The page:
"But then frat brothers will say almost anything, won't they? Give me a minute alone with him." She threw open the door of the FBI command trailer. Sunk deep into one of the swiveling chairs was a young man, face buried in his hands. He lifted his head and regarded her forlornly. It was obvious he'd been crying. Pinned to the bulletin board behind him were photos of the girl. It was a common tactic, leaving a suspect alone with the crime-scene photos. The innocent ones crumbled at the images, and the others...nine times out of ten they gave themselves away, unable to fully contain their pride. Chad Peterson appeared to belong to the former group, although Kelly wasn't letting him off the hook yet. She fixed him with a glare and planted herself in front of the chair, peering past him to examine the gruesome images of the crime scene. The trailer was sparsely furnished, desks and swivel chairs bolted to the floor, most of the wall space occupied by dry-erase and bulletin boards. A coffeepot and microwave in the corner served as the kitchen. Right now, all of the boards in the office were empty save for the one she squared off against.
This wasn't her first homicide. Since joining the Bureau a decade earlier, she had investigated dozens of deaths across the country, ranging from prostitutes dumped in shallow graves to children maimed beyond comprehension. But these shots were uniquely horrific. The girl hung from a rope coiled around one of the beams supporting the roof of the tunnel. Her naked body was splayed like a butterfly on display, head dangling forward, eyes open as if gazing down at the terror inflicted on her body. Her jaw hung abnormally slack and distended. Below the rope, her chest was carved open to expose broken ribs; the lungs were missing, an odd trophy to take, Kelly thought. Blood trailed down the girl's leg from another gash on the inside of her upper thigh. The incisions were surgical, probably done with a large hunting knife, Kelly surmised. Scrawled across the bottom of the photos in black ink was, "Anna Varelas, 20 yrs., Cauc female."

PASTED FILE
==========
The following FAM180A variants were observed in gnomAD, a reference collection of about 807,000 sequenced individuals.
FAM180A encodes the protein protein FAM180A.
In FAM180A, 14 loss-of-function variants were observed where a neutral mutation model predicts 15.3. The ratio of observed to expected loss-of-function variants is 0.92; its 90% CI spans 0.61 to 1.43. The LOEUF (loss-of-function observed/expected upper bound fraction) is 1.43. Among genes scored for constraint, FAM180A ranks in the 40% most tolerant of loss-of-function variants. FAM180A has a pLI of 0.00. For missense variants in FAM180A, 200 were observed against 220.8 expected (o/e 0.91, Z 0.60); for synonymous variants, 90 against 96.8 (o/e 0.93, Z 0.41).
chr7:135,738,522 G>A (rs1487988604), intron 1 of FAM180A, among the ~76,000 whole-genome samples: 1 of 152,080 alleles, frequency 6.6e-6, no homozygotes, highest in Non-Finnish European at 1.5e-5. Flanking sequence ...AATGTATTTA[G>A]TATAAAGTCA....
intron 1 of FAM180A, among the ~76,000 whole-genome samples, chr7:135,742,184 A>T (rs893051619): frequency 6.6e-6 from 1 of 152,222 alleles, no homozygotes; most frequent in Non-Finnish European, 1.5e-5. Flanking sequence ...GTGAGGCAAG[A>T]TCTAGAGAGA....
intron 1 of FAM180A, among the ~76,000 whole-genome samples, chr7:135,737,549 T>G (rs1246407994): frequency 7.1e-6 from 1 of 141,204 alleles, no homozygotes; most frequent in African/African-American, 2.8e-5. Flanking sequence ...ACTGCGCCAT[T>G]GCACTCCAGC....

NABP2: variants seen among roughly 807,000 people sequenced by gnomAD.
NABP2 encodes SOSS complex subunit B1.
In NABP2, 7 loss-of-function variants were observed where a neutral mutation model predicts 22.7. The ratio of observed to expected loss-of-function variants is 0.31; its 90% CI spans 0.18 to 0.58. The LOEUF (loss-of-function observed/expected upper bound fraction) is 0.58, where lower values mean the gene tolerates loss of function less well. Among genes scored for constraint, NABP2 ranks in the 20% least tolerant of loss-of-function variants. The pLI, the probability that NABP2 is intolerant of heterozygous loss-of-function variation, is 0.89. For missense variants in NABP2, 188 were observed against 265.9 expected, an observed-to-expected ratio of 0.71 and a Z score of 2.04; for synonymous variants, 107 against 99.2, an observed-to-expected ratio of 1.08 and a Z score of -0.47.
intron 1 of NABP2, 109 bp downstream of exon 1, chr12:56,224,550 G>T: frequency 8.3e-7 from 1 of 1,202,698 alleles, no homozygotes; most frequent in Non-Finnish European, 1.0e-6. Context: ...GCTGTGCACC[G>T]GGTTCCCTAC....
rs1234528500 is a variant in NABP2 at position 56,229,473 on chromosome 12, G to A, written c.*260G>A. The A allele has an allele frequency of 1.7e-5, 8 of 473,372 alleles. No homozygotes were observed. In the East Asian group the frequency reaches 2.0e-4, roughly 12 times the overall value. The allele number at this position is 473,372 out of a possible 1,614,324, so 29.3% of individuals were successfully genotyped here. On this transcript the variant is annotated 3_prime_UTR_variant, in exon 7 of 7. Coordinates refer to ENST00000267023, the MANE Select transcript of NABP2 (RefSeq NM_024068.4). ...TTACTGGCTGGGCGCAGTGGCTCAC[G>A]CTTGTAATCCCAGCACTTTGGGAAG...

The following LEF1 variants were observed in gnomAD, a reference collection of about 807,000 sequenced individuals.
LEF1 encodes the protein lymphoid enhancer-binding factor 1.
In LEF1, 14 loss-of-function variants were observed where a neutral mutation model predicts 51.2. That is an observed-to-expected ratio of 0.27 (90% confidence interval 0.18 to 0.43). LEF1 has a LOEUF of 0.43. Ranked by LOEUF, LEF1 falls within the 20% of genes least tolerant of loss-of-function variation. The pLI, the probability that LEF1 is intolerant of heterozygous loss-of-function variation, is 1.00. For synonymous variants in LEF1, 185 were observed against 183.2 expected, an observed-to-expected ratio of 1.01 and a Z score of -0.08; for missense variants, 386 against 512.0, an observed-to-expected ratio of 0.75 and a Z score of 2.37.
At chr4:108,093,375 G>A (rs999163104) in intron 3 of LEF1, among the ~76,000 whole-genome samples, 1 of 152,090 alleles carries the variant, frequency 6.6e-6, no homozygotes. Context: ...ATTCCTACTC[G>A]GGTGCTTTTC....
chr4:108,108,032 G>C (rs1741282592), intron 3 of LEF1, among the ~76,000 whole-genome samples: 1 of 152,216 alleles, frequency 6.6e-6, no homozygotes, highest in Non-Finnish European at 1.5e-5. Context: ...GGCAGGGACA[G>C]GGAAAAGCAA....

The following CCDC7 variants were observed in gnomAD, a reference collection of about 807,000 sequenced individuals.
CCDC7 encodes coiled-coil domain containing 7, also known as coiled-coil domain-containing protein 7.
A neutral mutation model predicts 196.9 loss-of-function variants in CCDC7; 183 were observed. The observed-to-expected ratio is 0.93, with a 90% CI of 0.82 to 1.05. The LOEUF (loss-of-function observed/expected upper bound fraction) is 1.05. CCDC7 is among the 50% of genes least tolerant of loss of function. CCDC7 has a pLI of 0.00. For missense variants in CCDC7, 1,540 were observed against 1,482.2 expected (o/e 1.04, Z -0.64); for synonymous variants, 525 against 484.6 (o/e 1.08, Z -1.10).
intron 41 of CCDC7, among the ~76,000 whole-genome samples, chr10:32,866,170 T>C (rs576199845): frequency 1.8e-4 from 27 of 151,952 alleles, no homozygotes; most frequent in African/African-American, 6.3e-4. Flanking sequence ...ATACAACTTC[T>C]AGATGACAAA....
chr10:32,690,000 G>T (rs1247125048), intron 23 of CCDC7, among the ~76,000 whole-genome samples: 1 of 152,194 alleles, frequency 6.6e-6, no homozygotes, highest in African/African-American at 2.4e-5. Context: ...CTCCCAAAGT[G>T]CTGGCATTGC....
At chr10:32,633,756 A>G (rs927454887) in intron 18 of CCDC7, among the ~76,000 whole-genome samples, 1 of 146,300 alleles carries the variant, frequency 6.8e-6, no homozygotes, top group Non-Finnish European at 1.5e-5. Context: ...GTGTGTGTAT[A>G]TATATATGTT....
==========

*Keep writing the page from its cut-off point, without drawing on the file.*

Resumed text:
"So." She turned to the boy. "Anything you want to tell me?"
"I'm so sorry..." he began, voice strangling with emotion. "When she didn't come back, I just assumed she found another way out, you know? I never thought..." He dissolved into sobs.
Kelly twisted the top off a bottle of water and handed it to him. He took it gratefully and swallowed a few gulps, breath heaving between sips. She watched him silently. Not even De Niro could pull off a performance of this caliber. The kid was definitely clean. Being an asshole didn't make him a killer, she thought grimly. Which unfortunately made her job harder. "Have you seen her before?"
"Sure." He nodded his head slowly. "Around campus. But this is the first time I ever talked to her, I swear. I don't know who could've done this. I feel terrible, I never should have left her alone down there."
"No, you shouldn't have." "I just don't get it. I've been in those tunnels a hundred times, I've never seen anything or anyone--"
"There's a first time for everything." Kelly perched on the edge of the desk facing him and crossed her arms. "So here's what we're going to do. We're going to go through your story, step by step. Anything you can remember, even if it doesn't seem important, you're going to tell me. I want to know everything you said and did, everything you heard and saw, up until the moment you got into bed. You got it?"
He cleared his throat loudly. "Sure." He finished off the water and pushed a stray hair out of his eyes, surreptitiously wiping away the last of his tears. "FBI, huh? I thought you guys only came in for the big cases."
"This is a big case."